There Ain't No Party Like a Des Moines, Iowa Party Because a Des Moines, Iowa Party Don't Stop

There Ain't No Party Like a Des Moines, Iowa Party Because a Des Moines, Iowa Party Don't Stop

There Ain't No Party Like a Des Moines, Iowa Party Because a Des Moines, Iowa Party Don't Stop

A campaign blog.
Jan. 1 2008 2:05 AM

There Ain't No Party Like a Des Moines, Iowa Party Because a Des Moines, Iowa Party Don't Stop

There's a reason they call political parties parties , and not just groups or organizations or clans. Because in some political arenas, it's less about who can pound the most gavels than who can pound the most brewskis. Policy making? That's just what happens between ragers.

A handful of presidential candidates threw New Year's parties in Des Moines, practically demanding that we compare and contrast:

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Mike Huckabee threw a true blowout. Hosted by Des Moine's Wakonda Club , the shindig looked like it cost about as much as Huckabee's first quarter fundraising totals. A besuited band played Glenn Miller on stage while country club types munched on egg rolls and beef skewers. The best part: Janet Huckabee. Charming, self-deprecating, impassioned. Why haven't we seen more of her?

Replace the chandeliers with Christmas lights, the jazz band with a local outfit called Who's Your Daddy, and the crab cakes with potato skins and you've got Bill Richardson 's party. Fiesta HQ was the the ballroom at the Quality Inn, one of the more suspiciously-named hotel chains. The crowd seemed as western as Huckabee's was southern: Volunteers had come from Las Vegas, Arizona, and of course New Mexico. I listened in while a tall man in a yellow shirt and ten gallon  discursed on the economics of livestock.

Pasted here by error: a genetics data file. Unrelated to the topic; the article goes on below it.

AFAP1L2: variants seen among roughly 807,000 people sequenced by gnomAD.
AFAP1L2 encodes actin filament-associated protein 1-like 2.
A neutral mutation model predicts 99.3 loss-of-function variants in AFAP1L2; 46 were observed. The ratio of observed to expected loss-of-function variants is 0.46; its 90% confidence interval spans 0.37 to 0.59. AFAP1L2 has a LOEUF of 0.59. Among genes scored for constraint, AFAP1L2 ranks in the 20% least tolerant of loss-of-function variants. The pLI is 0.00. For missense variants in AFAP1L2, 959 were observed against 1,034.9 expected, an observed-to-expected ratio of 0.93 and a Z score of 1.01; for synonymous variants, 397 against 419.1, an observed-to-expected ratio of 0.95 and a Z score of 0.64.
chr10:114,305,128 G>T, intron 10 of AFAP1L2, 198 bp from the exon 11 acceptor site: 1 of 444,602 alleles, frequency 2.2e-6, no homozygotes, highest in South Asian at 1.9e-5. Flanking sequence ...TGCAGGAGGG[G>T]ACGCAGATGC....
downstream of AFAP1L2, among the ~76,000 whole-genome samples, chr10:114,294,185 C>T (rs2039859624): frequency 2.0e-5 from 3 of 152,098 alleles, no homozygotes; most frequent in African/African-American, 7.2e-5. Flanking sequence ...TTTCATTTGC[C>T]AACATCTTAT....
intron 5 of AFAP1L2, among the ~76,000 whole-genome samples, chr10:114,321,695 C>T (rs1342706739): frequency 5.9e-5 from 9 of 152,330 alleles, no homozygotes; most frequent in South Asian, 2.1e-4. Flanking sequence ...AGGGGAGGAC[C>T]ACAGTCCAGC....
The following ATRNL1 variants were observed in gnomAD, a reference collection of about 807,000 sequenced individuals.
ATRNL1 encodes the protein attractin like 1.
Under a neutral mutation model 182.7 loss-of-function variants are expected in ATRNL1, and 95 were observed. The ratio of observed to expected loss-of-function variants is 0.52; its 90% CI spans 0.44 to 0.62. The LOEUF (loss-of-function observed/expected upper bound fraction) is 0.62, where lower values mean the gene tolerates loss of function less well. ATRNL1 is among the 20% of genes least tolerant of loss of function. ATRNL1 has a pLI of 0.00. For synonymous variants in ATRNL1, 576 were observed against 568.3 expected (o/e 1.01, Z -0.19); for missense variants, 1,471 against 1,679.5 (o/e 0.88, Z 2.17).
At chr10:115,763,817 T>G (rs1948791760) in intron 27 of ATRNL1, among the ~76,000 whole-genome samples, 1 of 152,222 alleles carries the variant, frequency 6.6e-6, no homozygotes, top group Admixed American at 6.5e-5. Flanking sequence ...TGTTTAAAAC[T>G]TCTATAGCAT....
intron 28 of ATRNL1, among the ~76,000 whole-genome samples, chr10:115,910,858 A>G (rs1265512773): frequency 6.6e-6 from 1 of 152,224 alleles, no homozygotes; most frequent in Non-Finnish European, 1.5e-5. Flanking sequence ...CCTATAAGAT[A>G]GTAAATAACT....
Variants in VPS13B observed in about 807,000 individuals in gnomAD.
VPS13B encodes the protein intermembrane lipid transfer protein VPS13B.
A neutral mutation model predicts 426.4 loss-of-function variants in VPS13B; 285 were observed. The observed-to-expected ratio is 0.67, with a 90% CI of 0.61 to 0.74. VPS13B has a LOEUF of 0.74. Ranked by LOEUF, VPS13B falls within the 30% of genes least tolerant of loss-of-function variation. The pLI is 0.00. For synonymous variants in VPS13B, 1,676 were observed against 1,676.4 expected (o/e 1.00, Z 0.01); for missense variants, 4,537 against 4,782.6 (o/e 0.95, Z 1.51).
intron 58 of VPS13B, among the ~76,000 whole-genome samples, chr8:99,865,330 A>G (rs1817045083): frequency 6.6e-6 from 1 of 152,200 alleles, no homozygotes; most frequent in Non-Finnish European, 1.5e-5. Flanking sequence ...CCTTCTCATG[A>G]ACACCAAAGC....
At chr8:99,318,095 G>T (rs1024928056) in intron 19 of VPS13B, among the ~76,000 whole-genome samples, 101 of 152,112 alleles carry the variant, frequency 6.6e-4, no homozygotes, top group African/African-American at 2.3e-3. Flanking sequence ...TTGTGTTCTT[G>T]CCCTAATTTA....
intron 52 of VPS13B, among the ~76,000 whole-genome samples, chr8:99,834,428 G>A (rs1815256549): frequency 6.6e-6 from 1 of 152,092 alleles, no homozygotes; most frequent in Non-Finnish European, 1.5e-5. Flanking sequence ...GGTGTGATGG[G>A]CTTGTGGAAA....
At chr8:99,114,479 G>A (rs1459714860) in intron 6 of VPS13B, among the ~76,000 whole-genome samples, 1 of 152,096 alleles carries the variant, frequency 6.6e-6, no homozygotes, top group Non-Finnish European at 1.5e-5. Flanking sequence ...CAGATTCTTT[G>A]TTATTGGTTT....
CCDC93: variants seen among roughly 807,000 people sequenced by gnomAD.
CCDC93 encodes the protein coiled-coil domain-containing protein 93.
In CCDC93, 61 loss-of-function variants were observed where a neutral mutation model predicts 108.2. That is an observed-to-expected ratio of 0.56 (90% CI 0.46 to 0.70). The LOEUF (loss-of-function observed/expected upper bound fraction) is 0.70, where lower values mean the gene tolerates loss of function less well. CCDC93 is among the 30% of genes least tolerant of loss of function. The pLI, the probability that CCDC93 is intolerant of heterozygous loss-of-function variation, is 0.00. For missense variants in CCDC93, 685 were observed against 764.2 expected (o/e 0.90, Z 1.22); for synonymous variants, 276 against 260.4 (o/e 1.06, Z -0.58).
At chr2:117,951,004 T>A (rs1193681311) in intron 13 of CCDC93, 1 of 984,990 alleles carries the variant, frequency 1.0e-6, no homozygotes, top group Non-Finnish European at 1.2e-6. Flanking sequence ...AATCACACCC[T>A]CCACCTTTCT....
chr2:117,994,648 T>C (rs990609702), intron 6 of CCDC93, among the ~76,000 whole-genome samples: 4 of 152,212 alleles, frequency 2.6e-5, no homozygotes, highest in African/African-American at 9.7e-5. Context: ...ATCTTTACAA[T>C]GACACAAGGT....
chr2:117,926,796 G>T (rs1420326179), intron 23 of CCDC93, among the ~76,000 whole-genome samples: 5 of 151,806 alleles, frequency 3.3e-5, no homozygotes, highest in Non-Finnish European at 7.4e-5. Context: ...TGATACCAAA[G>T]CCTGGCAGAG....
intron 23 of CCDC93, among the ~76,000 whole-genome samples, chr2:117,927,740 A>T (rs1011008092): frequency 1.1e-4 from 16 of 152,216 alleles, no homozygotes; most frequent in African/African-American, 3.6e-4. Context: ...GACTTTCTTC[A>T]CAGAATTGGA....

Mitt Romney 's party was billed as a family event, with more screaming babies and balloon animals than mingling politicos. Newsweek 's Andrew Romano bore the full brunt of the event. I skated in at the end, but not too late to see a fat, aging clown named "Jelly Bean" working the last remnants of the crowd in red suspenders, a yellow striped shirt, and purple Chuck Taylors.

The Hillary Clinton party is everything you'd expect: Big, produced, flavorless. A huge flag and Christmas tree suggest a generous budget. Everyone I talk to seems a little on edge, almost as if the caucus were  three days away. Music comes care of Big Head Todd and the Monsters, who seemed to played one song from the 90s on a loop the entire time. "What a perfect metaphor," said one observant newspaperman.

John Edwards ' karaoke party has everything such a party needs except karaoke and John Edwards. Attendees take turns ogling Madeleine Stowe , who you may remember from The Last of the Mohicans . After a year trailing the most famous politicians in the country, everyone is suddenly starstruck. Perhaps Edwards found her through his pal Kevin Bacon.

Photos on their way, pending technological competence.